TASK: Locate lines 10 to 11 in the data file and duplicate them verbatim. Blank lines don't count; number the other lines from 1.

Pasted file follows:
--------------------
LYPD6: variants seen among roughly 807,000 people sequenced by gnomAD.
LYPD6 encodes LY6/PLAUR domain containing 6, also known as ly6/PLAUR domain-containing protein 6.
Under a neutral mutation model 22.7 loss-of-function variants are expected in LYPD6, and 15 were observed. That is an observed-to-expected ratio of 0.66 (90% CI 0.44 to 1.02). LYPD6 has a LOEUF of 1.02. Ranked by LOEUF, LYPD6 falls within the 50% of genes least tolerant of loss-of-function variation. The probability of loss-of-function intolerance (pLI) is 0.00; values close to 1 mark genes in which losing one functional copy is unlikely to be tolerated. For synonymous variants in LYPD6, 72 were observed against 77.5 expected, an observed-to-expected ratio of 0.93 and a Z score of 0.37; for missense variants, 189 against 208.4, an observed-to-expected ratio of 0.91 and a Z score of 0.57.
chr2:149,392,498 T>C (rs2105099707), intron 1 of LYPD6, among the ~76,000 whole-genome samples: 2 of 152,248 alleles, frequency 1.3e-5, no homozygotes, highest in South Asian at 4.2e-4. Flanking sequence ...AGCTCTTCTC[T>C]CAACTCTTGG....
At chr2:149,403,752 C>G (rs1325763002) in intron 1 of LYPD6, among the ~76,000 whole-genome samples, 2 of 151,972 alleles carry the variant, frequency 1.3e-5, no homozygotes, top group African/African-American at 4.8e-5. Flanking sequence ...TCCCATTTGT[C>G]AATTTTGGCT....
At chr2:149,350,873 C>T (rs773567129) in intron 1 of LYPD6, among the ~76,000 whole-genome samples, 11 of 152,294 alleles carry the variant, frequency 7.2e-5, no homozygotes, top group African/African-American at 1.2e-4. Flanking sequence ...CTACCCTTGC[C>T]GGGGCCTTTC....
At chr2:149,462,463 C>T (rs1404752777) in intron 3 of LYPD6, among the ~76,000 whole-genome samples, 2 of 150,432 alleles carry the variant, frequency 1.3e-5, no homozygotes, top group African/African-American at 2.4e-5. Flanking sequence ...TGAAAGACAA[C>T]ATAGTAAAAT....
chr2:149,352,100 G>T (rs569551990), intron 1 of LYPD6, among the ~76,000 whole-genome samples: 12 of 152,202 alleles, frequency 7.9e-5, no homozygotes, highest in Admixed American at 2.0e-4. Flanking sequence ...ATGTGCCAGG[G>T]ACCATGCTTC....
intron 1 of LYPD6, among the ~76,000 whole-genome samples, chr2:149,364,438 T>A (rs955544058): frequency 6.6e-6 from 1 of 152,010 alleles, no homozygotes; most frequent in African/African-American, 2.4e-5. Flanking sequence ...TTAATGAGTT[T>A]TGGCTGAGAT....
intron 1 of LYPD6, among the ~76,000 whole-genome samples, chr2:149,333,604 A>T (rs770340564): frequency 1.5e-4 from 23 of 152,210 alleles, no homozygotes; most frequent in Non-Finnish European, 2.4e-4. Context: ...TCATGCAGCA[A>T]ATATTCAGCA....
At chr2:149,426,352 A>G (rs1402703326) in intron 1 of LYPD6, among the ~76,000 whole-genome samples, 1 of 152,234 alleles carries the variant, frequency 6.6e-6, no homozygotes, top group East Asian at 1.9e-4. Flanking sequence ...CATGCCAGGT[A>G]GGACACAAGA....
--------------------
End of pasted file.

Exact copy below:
intron 1 of LYPD6, among the ~76,000 whole-genome samples, chr2:149,333,604 A>T (rs770340564): frequency 1.5e-4 from 23 of 152,210 alleles, no homozygotes; most frequent in Non-Finnish European, 2.4e-4. Context: ...TCATGCAGCA[A>T]ATATTCAGCA....
At chr2:149,426,352 A>G (rs1402703326) in intron 1 of LYPD6, among the ~76,000 whole-genome samples, 1 of 152,234 alleles carries the variant, frequency 6.6e-6, no homozygotes, top group East Asian at 1.9e-4. Flanking sequence ...CATGCCAGGT[A>G]GGACACAAGA....